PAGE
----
Topsham Parish Church is in an amazing location, overlooking the Exe estuary. The views are fantastic, especially at sunset at the end of a sunny summer day when everything is calm and still.
Only the tower survives from the medieval building. Most of the church was rebuilt in 1874-76 after being destroyed by fire. This is perhaps how the tower came to have an unusual location in the church. It is attached to the west side of the south transept, and the main porch is east of the north transept.
The 19th century church is built in squared grey limestone. The tower dates from the 14th century, and is built in the Perpendicular style mostly using Heavitree Stone. It is a good example of how the official records confuse Heavitree Stone, or breccia, with sandstone. According to the Historic England listing, it is a “red sandstone tower”. That is because breccia is classed as a type of New Red Sandstone. Can you see the angular bits of gravel embedded in the stone? That means Heavitree Stone.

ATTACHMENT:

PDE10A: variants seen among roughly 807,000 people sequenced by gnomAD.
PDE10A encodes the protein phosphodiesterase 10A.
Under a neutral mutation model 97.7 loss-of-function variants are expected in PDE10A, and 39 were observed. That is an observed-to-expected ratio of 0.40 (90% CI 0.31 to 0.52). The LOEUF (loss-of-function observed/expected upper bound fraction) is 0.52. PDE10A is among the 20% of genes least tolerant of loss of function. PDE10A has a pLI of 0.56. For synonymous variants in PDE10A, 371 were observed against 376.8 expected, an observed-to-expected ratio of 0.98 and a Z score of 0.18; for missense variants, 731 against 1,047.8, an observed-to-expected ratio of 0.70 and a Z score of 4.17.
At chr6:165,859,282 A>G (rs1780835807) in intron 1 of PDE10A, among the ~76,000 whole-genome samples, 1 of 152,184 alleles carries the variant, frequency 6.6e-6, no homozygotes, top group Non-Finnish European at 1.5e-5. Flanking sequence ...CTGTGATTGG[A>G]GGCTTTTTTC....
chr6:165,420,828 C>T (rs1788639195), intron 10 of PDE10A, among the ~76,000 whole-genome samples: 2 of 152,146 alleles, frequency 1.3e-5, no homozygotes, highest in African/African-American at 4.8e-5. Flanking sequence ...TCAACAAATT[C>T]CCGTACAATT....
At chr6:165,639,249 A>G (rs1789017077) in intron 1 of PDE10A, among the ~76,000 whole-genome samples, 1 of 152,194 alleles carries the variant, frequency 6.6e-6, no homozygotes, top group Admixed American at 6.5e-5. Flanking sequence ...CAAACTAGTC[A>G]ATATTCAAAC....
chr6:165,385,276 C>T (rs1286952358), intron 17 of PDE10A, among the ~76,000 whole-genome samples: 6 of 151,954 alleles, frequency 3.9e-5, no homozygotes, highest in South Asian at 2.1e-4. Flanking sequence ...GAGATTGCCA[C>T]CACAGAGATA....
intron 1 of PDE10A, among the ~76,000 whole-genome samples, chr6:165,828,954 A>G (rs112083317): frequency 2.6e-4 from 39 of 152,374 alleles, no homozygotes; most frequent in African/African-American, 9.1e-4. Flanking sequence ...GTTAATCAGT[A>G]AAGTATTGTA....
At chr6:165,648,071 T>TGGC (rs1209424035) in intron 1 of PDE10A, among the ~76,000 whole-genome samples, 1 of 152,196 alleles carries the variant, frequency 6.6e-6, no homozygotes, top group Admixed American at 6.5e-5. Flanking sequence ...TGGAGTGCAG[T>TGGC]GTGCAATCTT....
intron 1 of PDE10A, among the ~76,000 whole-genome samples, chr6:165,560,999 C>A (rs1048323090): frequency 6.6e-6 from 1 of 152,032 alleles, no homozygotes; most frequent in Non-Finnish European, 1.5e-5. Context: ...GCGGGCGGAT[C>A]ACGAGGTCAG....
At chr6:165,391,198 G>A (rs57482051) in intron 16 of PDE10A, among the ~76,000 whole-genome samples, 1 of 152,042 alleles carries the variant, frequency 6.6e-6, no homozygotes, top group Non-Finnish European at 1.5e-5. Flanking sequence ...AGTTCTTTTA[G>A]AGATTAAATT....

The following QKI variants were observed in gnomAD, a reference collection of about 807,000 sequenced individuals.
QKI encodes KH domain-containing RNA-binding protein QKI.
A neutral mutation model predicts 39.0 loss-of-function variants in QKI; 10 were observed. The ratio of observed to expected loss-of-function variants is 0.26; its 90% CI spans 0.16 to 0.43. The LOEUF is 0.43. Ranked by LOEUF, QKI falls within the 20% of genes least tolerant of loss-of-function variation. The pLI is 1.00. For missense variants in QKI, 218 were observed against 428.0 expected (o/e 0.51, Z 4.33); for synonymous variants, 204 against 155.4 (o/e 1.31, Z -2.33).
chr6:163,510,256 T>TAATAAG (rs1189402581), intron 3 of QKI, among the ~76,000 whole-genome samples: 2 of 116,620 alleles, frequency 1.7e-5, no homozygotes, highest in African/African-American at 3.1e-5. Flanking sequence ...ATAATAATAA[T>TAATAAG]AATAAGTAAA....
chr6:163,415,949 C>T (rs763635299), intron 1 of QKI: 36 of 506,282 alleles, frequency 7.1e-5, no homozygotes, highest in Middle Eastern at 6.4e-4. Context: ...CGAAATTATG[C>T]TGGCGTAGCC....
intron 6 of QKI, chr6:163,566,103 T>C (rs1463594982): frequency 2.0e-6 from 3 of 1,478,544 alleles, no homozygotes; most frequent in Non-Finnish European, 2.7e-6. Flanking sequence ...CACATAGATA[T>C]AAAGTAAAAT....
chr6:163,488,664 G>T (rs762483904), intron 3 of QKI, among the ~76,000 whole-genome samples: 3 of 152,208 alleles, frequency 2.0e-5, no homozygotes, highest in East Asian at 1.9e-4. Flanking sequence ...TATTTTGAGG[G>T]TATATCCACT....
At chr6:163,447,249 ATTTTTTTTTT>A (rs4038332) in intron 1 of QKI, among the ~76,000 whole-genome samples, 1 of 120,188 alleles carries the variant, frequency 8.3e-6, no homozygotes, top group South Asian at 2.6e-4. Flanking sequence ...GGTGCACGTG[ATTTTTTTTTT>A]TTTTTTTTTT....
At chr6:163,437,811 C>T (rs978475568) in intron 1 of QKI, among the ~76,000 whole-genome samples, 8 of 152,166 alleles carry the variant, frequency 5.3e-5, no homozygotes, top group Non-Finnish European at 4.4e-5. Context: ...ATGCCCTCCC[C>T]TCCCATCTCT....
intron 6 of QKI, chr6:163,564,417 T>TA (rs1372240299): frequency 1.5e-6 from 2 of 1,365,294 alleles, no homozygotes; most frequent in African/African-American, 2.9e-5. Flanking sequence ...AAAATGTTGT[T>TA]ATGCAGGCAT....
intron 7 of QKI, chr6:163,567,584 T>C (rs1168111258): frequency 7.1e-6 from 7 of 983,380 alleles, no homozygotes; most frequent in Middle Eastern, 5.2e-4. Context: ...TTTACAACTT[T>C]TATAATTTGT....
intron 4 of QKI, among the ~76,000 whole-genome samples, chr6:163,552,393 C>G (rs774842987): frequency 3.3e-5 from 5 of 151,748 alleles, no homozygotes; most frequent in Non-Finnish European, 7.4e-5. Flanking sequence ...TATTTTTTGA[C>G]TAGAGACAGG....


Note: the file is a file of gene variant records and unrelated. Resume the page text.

The tower hasn’t survived history entirely unscathed. During the Civil War, a cannon caused extensive damage to the lower section, so that it had to be replaced. Hence the top of the tower is older than the bottom!
- Devon & Dartmoor Historic Environment Record – http://www.heritagegateway.org.uk/Gateway/Results_Single.aspx?uid=MDV9950&resourceID=104
- Historic England Listed Building – https://www.historicengland.org.uk/listing/the-list/list-entry/1170373
- Historic England Pastscape – https://www.pastscape.org.uk/hob.aspx?hob_id=899733
- Torbay and District Organists’ Association blog – http://tdoa.org.uk/2007/st-margaret-topsham-exeter-2/
- Deryck Laming & David Roche “Permian Breccias, Sandstones and Volcanics” – https://new.devon.gov.uk/geology/devons-rocks-a-geological-guide/
- St Margaret’s Church website – http://topshamwearcofe.org.uk/st-margarets/
- Nicholas Orme (2014) “The Churches of Medieval Exeter”